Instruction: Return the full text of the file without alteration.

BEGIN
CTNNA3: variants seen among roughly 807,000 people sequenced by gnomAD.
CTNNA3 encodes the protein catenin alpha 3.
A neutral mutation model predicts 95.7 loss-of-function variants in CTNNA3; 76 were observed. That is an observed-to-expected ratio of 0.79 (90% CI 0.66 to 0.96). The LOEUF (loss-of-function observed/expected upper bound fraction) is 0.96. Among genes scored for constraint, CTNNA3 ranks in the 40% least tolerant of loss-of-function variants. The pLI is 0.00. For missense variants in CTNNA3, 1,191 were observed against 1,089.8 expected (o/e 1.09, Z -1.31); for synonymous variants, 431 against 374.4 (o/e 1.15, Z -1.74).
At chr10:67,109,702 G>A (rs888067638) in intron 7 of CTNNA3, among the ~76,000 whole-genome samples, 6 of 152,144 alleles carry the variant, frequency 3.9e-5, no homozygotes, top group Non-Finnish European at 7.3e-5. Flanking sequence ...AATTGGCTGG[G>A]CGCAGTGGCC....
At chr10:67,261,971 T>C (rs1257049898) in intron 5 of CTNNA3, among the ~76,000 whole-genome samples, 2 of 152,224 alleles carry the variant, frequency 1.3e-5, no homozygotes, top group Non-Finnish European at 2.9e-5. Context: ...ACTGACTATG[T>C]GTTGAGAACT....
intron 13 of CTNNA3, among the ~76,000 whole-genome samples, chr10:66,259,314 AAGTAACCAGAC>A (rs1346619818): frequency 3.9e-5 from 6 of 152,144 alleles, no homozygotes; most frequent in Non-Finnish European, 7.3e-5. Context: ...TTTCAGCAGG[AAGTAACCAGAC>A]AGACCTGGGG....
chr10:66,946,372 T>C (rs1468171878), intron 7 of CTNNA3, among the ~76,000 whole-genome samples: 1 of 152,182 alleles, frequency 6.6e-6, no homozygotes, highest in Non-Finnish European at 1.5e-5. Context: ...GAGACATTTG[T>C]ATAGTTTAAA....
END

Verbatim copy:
CTNNA3: variants seen among roughly 807,000 people sequenced by gnomAD.
CTNNA3 encodes the protein catenin alpha 3.
A neutral mutation model predicts 95.7 loss-of-function variants in CTNNA3; 76 were observed. That is an observed-to-expected ratio of 0.79 (90% CI 0.66 to 0.96). The LOEUF (loss-of-function observed/expected upper bound fraction) is 0.96. Among genes scored for constraint, CTNNA3 ranks in the 40% least tolerant of loss-of-function variants. The pLI is 0.00. For missense variants in CTNNA3, 1,191 were observed against 1,089.8 expected (o/e 1.09, Z -1.31); for synonymous variants, 431 against 374.4 (o/e 1.15, Z -1.74).
At chr10:67,109,702 G>A (rs888067638) in intron 7 of CTNNA3, among the ~76,000 whole-genome samples, 6 of 152,144 alleles carry the variant, frequency 3.9e-5, no homozygotes, top group Non-Finnish European at 7.3e-5. Flanking sequence ...AATTGGCTGG[G>A]CGCAGTGGCC....
At chr10:67,261,971 T>C (rs1257049898) in intron 5 of CTNNA3, among the ~76,000 whole-genome samples, 2 of 152,224 alleles carry the variant, frequency 1.3e-5, no homozygotes, top group Non-Finnish European at 2.9e-5. Context: ...ACTGACTATG[T>C]GTTGAGAACT....
intron 13 of CTNNA3, among the ~76,000 whole-genome samples, chr10:66,259,314 AAGTAACCAGAC>A (rs1346619818): frequency 3.9e-5 from 6 of 152,144 alleles, no homozygotes; most frequent in Non-Finnish European, 7.3e-5. Context: ...TTTCAGCAGG[AAGTAACCAGAC>A]AGACCTGGGG....
chr10:66,946,372 T>C (rs1468171878), intron 7 of CTNNA3, among the ~76,000 whole-genome samples: 1 of 152,182 alleles, frequency 6.6e-6, no homozygotes, highest in Non-Finnish European at 1.5e-5. Context: ...GAGACATTTG[T>C]ATAGTTTAAA....